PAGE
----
20.05 – 20.06.21
Thursday and Friday 15-18, Saturday and Sunday 13-18
Olaf Ryes plass 2 (entrance Sofienberggata)

Atelier Nord will extend its opening hours for the first day of the exhibition, Thursday 20.05.21, 1-6 PM. We will limit the number of people in the gallery simultaneously and will ensure compliance with The Municipality of Oslo’s pandemic restrictions.

In Greg Milner’s book on the aural history of recorded music, he tells the story of a popular American musician “who liked to listen to music on a Panasonic boombox while he canoed on a river near his New Jersey home.” One summer day in 1981, the stereo “fell out of the boat and sank to the muddy bottom. He managed to retrieve it, hosed it off, set it on his porch and a few weeks later it somehow came back to life.”  The resulting sound would set the mood for his 1982 release, Nebraska. When he was done recording the demo at home, “he shoved the cassette into the pocket of his jean jacket, where it remained for months. Without a case.” He tried to replicate the music in the studio a few months later but things weren’t sounding right. Trying to recreate the atmosphere in a sterile studio was difficult if not impossible. “The riverbed, the hose, the echoplex, the crazy levels, the grimy heads. The weeks spent in sweaty denim – they all added something that was sonically crucial” but also stubbornly resistant to replication.[1]

LOSSY is a sound installation by Geranium Dream: Elise Macmillan together with voice actors, synthetic speech engines and singers. As a hermit crab adopts a toothpaste cap as a shell, we inhabit the voices of empty vessels. Voice channeling, voice acting, and techniques used by echolocating animals complicate categorization and capture used in AI voice recognition and speech synthesis systems. We speak through voice shells, modulate our voices and use cartoon voice acting, allowing our voices to dissolve, melt and morph.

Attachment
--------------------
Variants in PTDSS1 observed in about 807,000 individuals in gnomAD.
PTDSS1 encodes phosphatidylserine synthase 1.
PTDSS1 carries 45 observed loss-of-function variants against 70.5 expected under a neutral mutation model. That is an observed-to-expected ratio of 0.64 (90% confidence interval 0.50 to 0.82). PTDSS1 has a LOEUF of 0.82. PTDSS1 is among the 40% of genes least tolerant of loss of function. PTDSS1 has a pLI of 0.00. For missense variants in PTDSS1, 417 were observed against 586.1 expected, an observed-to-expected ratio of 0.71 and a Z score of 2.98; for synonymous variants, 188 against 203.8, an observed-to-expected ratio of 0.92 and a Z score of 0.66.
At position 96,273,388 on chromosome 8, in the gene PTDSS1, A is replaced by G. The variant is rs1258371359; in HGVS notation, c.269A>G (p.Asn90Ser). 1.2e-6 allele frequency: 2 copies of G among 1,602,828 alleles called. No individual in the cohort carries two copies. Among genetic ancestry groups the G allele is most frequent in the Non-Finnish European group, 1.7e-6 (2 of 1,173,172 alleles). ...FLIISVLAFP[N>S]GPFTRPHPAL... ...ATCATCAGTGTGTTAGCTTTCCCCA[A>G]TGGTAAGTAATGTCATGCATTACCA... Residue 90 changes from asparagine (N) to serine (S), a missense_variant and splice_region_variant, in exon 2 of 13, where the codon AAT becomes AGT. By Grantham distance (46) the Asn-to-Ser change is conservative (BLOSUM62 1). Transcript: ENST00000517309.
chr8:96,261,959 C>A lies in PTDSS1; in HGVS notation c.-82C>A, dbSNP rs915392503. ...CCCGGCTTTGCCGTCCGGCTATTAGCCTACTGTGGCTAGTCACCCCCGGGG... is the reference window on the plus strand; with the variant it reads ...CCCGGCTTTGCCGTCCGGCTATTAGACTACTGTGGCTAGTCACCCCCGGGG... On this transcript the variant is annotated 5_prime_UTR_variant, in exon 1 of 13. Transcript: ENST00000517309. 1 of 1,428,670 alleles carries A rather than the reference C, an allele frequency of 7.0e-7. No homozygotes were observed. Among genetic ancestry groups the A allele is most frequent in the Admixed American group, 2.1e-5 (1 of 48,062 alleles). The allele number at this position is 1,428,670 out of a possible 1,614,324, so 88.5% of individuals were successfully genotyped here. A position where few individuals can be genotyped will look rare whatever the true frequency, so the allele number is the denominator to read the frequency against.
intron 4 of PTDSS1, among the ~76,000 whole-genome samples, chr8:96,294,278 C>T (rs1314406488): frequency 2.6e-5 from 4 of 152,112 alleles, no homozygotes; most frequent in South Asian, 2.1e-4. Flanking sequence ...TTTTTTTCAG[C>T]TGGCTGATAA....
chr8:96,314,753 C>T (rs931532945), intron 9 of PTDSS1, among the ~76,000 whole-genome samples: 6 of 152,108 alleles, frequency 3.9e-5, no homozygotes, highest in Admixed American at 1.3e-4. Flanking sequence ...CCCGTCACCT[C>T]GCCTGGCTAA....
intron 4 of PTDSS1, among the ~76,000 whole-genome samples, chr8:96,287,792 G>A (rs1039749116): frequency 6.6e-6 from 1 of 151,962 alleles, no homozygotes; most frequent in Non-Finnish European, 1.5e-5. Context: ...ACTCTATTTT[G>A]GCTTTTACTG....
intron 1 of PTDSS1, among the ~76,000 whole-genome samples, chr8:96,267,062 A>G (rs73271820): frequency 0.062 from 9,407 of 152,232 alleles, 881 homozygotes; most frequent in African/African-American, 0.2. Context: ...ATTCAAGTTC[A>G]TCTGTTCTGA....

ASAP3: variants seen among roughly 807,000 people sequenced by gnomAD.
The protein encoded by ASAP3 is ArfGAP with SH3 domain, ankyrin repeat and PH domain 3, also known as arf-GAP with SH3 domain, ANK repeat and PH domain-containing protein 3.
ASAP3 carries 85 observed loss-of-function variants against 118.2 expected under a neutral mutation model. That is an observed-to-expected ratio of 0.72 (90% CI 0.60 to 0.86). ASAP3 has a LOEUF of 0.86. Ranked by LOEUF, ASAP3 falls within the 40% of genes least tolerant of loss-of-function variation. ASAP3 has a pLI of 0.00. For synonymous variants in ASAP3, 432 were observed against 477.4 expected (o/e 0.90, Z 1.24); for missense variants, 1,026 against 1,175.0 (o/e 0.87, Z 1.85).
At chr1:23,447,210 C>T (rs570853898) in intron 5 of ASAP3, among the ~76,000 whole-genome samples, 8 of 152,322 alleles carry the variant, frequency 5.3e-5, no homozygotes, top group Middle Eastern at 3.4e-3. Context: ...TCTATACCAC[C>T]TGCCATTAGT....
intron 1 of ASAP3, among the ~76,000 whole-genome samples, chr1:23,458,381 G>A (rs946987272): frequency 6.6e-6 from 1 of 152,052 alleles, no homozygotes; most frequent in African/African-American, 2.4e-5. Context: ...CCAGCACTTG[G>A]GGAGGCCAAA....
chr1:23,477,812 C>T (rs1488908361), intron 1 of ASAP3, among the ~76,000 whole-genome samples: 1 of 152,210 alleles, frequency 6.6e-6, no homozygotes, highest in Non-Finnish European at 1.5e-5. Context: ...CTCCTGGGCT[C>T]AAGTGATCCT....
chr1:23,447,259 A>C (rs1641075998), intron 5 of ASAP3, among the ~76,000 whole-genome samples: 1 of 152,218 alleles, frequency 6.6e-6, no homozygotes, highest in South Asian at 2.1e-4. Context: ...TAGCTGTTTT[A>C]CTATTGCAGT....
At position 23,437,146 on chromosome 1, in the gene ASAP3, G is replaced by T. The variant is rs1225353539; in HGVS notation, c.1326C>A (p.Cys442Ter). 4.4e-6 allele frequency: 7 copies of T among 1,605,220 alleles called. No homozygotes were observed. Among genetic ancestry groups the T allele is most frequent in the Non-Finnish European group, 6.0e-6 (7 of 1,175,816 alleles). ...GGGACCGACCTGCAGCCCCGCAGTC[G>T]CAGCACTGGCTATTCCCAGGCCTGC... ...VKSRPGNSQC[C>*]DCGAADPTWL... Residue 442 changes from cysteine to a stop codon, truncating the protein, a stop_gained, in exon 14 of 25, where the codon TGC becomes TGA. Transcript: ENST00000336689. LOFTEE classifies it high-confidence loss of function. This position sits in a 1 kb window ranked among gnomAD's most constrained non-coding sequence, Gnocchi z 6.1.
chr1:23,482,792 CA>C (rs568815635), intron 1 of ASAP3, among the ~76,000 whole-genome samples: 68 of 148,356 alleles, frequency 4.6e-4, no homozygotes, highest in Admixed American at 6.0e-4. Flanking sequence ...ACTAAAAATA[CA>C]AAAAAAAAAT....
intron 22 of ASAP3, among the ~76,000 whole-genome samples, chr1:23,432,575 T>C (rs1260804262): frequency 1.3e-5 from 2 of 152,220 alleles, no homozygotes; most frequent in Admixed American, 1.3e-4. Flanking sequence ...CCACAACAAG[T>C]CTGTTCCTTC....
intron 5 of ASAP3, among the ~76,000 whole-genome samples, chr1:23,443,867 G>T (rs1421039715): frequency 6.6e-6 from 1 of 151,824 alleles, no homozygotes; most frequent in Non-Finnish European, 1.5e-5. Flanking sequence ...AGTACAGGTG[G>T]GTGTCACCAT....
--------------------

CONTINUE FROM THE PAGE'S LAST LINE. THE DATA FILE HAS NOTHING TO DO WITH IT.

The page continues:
Voicemail messages, whispering, shrieking, ambient washes, fugues, and passing music from car stereos form overlapping sound bubbles. Speakers slouch and lean against the floor, window frames, and roof beams, wandering through flattened time and space, hungry for context. LOSSY traces the voice from throat through telephone wires, recording devices, synthesized speech, AI voice assistants and music streaming. Voices from overhead and beneath spill into the space, merging with and interrupting each other, drawing attention to talkative ghosts of the everyday and the loss that occurs in language, recording, and symbolic communication.

Elise Macmillan (b. 1988, USA) is an Oslo-based musician and artist, part of the group Heavy Blankets. Recent solo shows include Baby Von Bingen, Løvens Hule, Oslo, Horological Prayer, Memphis Gallery, Oslo, and Clip Clop Feeler, Land, Kansas City. She studied computer music at Stanford University and moved to Norway in 2015 to play Hardingfele in Rauland. She will be a guest composer at EMS Elektronmusikstudion, Stockholm in 2021.

[1] Milner, Greg. Perfecting Sound Forever: An Aural History of Recorded Music, 2009. New York. P. 186, ‘Perfect Sound? Whatever’